The following day I did some more, but I placed my target stand so that I was looking through a narrow opening between two other target stands about a yard away from me.  In the photo below the target is in the center of the other two.  Of course the shot was no different, but there was a significant amount of visual “noise” to contend with.  I fired a full 30 round mag, one shot at a time, with an average time of 1.1, a hit rate of 90%, and a low shot time of 0.78.

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I’m not exactly sure what the lesson to take away from all this is.  First of all, I’m not satisfied with even my best times, but it seems clear that not all work is worthwhile or even helpful at all.  Apparently it can be downright detrimental.  The thing about dry fire is that there is not authoritative feedback separate from the senses of the shooter.  It’s probably safe to say that anyone who’s shot enough has been surprised by where their bullet went at one point or another.  Sometimes our calls aren’t right on.  So dry fire requires very careful observation and honesty.  I vividly recall seeing the dot from the borrowed SR-8 move very rapidly from off target to on.  I thought this was happening before the trigger break, but it could have been after.

Another pertinent question is, what is dry fire good for?  Is it ever an appropriate venue for working on speed?  With as much time as I have put in with a metronome, I have absolutely nothing in the way of measurable results that would point to it having done any good for me.  Back when I was a pistol nut and didn’t care about rifles, I had 2D replicas of Steel Challenge courses of fire, down to the angles being correct and the targets being the right size if I stood at the right distance from the wall (they were on posterboard that I hung up).  That didn’t help either, but of course I was really wanting to see a huge improvement then too.  I was even worse back then, in terms of really wanting to see results.  It could be that dry fire is most appropriate for working on perfect mechanics rather than increasing speed.  It could also be that wanting something too much brings it farther from attaining it.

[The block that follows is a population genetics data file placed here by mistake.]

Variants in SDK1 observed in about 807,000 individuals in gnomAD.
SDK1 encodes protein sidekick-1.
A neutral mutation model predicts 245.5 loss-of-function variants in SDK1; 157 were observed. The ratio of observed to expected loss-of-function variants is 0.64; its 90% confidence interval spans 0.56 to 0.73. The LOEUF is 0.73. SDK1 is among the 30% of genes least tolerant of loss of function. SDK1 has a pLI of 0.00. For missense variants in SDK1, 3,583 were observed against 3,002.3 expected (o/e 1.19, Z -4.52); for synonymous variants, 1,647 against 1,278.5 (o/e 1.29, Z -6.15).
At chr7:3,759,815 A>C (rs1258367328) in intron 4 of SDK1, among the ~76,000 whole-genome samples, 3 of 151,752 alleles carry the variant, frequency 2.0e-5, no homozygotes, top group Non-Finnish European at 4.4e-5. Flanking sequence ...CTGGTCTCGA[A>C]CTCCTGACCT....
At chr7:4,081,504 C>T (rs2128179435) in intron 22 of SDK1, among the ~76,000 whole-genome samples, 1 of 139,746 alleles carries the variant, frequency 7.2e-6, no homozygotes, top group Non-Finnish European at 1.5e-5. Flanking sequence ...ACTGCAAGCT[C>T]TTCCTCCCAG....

More Thoughts on the AR

A strong body makes the mind strong. As to the species of exercise, I advise the gun. While this gives a moderate exercise to the body, it gives boldness, enterprise, and independence to the mind. Games played with the ball and others of that nature, are too violent for the body and stamp no character on the mind. Let your gun therefore be the constant companion of your walks.

–Thomas Jefferson, 1785

 

I spent January through April getting as much time with my AR as I could.  If I went for a walk for fun, the AR came along.  It gave me something to look through when I wanted to get a better look at some game.  If the dog wasn’t back by bedtime, I went on a search and took the AR just to get some time spent carrying it around and handling it.  When I was on the range, no matter if I was setting up targets, walking to check them and back, or whatever one does on this “firing range”, I had the AR with me.  In the house, except for showering (most of the time), I tried to keep the AR by my side.

I’ve been shooting ARs since about 2001, but I’ve learned the difference between a level of familiarity that ‘looks’ like competence, and having it down to the point of it being an extension of your will.  I won’t say that I’m exactly there yet, but I’ve gotten a little further down the road.  I’d like to share some of my observations about the AR in comparison to a bolt action.  These are probably obvious to many of you.